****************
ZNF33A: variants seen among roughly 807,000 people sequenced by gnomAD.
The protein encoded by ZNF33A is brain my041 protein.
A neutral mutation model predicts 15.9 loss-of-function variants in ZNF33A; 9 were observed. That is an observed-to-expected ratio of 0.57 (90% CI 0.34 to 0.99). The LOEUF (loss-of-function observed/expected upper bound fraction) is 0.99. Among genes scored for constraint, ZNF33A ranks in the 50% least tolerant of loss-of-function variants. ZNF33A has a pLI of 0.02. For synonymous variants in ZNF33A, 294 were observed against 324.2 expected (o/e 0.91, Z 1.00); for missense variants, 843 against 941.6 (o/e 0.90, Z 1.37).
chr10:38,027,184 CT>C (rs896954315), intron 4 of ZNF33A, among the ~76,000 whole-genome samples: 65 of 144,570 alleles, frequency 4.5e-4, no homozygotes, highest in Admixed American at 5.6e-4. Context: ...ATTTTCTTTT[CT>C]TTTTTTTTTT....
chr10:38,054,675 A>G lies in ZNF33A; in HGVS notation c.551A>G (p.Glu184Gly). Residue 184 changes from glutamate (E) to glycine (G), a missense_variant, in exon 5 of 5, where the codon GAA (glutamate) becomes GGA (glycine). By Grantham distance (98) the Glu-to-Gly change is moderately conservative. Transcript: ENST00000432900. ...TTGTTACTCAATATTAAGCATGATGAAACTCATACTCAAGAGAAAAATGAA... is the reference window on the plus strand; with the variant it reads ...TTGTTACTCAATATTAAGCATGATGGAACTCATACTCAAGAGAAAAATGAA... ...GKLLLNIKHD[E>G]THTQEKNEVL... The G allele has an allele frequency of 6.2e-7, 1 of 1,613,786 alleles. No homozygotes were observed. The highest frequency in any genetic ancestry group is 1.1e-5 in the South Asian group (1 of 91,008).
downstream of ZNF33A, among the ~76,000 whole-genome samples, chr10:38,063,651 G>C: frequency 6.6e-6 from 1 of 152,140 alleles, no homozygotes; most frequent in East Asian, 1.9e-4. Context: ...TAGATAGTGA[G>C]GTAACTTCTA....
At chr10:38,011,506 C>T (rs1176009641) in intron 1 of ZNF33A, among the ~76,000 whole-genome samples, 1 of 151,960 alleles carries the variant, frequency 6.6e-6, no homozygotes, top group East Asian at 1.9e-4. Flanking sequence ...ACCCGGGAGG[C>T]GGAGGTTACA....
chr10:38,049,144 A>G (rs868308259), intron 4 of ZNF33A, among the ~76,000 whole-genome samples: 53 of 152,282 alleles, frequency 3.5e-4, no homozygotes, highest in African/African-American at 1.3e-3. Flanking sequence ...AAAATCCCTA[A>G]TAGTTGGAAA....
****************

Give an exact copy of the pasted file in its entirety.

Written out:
ZNF33A: variants seen among roughly 807,000 people sequenced by gnomAD.
The protein encoded by ZNF33A is brain my041 protein.
A neutral mutation model predicts 15.9 loss-of-function variants in ZNF33A; 9 were observed. That is an observed-to-expected ratio of 0.57 (90% CI 0.34 to 0.99). The LOEUF (loss-of-function observed/expected upper bound fraction) is 0.99. Among genes scored for constraint, ZNF33A ranks in the 50% least tolerant of loss-of-function variants. ZNF33A has a pLI of 0.02. For synonymous variants in ZNF33A, 294 were observed against 324.2 expected (o/e 0.91, Z 1.00); for missense variants, 843 against 941.6 (o/e 0.90, Z 1.37).
chr10:38,027,184 CT>C (rs896954315), intron 4 of ZNF33A, among the ~76,000 whole-genome samples: 65 of 144,570 alleles, frequency 4.5e-4, no homozygotes, highest in Admixed American at 5.6e-4. Context: ...ATTTTCTTTT[CT>C]TTTTTTTTTT....
chr10:38,054,675 A>G lies in ZNF33A; in HGVS notation c.551A>G (p.Glu184Gly). Residue 184 changes from glutamate (E) to glycine (G), a missense_variant, in exon 5 of 5, where the codon GAA (glutamate) becomes GGA (glycine). By Grantham distance (98) the Glu-to-Gly change is moderately conservative. Transcript: ENST00000432900. ...TTGTTACTCAATATTAAGCATGATGAAACTCATACTCAAGAGAAAAATGAA... is the reference window on the plus strand; with the variant it reads ...TTGTTACTCAATATTAAGCATGATGGAACTCATACTCAAGAGAAAAATGAA... ...GKLLLNIKHD[E>G]THTQEKNEVL... The G allele has an allele frequency of 6.2e-7, 1 of 1,613,786 alleles. No homozygotes were observed. The highest frequency in any genetic ancestry group is 1.1e-5 in the South Asian group (1 of 91,008).
downstream of ZNF33A, among the ~76,000 whole-genome samples, chr10:38,063,651 G>C: frequency 6.6e-6 from 1 of 152,140 alleles, no homozygotes; most frequent in East Asian, 1.9e-4. Context: ...TAGATAGTGA[G>C]GTAACTTCTA....
At chr10:38,011,506 C>T (rs1176009641) in intron 1 of ZNF33A, among the ~76,000 whole-genome samples, 1 of 151,960 alleles carries the variant, frequency 6.6e-6, no homozygotes, top group East Asian at 1.9e-4. Flanking sequence ...ACCCGGGAGG[C>T]GGAGGTTACA....
chr10:38,049,144 A>G (rs868308259), intron 4 of ZNF33A, among the ~76,000 whole-genome samples: 53 of 152,282 alleles, frequency 3.5e-4, no homozygotes, highest in African/African-American at 1.3e-3. Flanking sequence ...AAAATCCCTA[A>G]TAGTTGGAAA....